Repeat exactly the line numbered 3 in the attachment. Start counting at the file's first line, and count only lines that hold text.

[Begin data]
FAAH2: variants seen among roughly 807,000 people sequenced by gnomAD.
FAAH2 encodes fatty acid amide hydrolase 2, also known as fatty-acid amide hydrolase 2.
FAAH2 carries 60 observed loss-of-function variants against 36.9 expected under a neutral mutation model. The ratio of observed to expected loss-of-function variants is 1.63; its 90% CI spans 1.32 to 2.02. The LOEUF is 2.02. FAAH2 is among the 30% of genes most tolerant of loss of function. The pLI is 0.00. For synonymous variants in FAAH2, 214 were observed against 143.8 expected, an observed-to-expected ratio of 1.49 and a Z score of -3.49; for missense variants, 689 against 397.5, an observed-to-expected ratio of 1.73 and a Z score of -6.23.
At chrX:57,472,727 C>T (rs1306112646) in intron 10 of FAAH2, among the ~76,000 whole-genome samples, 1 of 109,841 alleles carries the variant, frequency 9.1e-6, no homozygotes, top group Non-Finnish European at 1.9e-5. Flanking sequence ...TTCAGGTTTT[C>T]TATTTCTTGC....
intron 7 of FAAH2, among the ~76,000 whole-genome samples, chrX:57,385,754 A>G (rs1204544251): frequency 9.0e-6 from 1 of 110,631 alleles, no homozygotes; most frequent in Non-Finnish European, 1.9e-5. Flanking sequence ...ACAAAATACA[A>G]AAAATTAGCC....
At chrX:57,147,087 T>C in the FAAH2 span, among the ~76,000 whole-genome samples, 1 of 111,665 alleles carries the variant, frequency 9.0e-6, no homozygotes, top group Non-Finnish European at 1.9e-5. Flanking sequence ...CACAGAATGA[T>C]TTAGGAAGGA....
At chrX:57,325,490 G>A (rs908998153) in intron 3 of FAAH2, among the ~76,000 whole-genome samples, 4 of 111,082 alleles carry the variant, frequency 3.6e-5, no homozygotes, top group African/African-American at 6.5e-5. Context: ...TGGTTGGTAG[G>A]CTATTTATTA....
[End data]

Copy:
FAAH2 carries 60 observed loss-of-function variants against 36.9 expected under a neutral mutation model. The ratio of observed to expected loss-of-function variants is 1.63; its 90% CI spans 1.32 to 2.02. The LOEUF is 2.02. FAAH2 is among the 30% of genes most tolerant of loss of function. The pLI is 0.00. For synonymous variants in FAAH2, 214 were observed against 143.8 expected, an observed-to-expected ratio of 1.49 and a Z score of -3.49; for missense variants, 689 against 397.5, an observed-to-expected ratio of 1.73 and a Z score of -6.23.